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The two are not actually same kind of items. $\epsilon$ is a word while $\emptyset$ is a set of words (a.k.a. a language). $\{\epsilon\}$ is the language containing only the empty word (i.e. $|\{\epsilon\}|=1$ and it is different from $\emptyset$ which doesn't contain any word ($|\emptyset|=0$). For a language $L$, $L^*$ stands for the concatenation of 0 ...


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Suppose that $w\in L_{DFA_{MIN}}$, say $w=a_1\ldots a_n$, where each $a_k\in\Sigma$. Then there is a sequence $\langle T_0,\ldots,T_n\rangle$ of states in $Q_{MIN}$ such that $T_0=q_{s_{MIN}}$, $T_n\in F_{MIN}$, and $\delta_{MIN}(T_k,a_{k+1}=T_{k+1})$ for $k=0,\ldots,n-1$. Since $T_n\in F_{MIN}$, there is a $q_n\in T_n\cap F$. Suppose that $q\in T_n$; $q$ ...


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The set of strings in the English language is presumably finite. Why don't you create a DFA to recognize all of them and then negate the acceptance? Alternatively, create the regex of all English words: (Aardvard | .... | zymurgy) and take its complement.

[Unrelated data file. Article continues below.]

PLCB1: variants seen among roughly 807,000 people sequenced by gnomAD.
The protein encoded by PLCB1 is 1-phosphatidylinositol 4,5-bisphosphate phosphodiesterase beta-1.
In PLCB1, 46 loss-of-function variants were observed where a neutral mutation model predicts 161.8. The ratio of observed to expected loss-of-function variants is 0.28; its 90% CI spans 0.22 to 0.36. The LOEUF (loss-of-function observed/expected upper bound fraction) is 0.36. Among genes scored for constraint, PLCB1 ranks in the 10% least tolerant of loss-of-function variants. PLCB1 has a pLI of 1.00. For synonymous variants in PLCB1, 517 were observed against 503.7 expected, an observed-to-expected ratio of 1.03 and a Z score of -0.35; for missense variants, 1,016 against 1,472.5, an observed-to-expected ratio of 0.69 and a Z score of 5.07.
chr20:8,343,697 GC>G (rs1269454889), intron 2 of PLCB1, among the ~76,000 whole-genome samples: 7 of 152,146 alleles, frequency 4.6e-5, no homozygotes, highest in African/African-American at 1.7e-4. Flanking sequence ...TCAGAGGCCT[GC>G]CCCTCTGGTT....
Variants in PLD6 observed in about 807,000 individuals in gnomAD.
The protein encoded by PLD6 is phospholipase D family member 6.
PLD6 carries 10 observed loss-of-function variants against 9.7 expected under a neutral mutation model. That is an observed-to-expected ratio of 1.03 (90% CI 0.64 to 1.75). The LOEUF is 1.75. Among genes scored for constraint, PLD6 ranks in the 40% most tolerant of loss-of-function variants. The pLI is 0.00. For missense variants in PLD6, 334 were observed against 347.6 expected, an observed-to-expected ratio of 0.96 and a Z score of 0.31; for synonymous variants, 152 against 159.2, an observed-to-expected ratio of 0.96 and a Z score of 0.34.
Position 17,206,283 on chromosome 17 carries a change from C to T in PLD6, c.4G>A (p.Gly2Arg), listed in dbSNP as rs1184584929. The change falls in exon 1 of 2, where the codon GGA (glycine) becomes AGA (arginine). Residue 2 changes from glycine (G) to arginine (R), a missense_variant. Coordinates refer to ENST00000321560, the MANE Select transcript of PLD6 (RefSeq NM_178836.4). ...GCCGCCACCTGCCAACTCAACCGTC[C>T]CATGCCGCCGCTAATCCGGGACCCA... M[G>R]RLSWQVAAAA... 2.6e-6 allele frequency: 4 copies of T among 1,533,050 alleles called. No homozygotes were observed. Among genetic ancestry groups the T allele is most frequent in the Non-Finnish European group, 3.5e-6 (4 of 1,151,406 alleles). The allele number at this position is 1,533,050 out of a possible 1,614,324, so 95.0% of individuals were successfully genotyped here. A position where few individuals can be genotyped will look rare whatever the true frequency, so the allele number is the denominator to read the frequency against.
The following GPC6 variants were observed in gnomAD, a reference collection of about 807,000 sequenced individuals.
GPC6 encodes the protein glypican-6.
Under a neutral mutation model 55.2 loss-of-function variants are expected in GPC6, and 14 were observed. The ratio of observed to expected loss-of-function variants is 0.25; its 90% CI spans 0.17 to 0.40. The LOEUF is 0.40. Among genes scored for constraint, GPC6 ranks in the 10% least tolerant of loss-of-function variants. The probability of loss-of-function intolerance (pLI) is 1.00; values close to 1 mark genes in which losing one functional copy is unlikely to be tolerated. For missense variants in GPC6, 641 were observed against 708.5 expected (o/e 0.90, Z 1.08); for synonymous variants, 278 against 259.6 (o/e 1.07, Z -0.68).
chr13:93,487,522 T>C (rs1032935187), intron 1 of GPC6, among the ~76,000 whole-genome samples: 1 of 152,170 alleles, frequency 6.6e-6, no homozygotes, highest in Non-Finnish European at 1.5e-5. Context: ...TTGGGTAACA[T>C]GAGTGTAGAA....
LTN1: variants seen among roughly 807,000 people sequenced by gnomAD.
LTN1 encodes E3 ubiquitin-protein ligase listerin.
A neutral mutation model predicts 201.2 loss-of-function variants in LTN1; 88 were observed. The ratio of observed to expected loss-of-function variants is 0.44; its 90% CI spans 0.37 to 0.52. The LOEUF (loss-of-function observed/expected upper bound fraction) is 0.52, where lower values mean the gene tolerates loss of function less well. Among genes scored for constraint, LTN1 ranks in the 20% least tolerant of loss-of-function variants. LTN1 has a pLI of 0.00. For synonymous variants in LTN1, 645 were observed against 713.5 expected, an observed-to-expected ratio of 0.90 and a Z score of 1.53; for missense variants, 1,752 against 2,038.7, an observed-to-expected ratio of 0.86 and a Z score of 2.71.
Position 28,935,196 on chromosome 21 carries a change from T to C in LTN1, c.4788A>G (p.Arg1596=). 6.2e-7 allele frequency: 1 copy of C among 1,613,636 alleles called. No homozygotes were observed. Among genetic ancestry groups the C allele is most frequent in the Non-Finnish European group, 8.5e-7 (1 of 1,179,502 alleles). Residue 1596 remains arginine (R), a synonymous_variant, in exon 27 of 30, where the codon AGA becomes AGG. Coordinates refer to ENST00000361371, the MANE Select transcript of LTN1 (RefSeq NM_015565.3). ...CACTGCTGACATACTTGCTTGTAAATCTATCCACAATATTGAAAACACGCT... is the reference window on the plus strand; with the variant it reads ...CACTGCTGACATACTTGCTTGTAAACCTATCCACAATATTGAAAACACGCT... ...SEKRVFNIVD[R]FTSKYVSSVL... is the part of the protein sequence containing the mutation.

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A word $w_1w_2\dots w_n$ will be accepted by $L_1$ if all the words $w_1w_2\dots w_m$, for $m\leq n$ are accepted by $L$. So you can start from a finite automaton that defines $L$ and you modify it so that it rejects the word that is feeded to it as soon as any of its intermediate states rejects. You can do this by collecting all the states that are ...


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You’re having trouble because $L$ is regular. If by $\Bbb N$ you mean the set of non-negative integers, then $L=\Sigma^*$, because any word $w\in\Sigma^*$ can be written in the form $a^0wb^0$, where $|w|\ge 0$. If by $\Bbb N$ you mean $\Bbb Z^+$, the set of positive integers, then $$L=\left\{awb\in\Sigma^*:|w|\ge 1\right\}\;,$$ which corresponds to the ...



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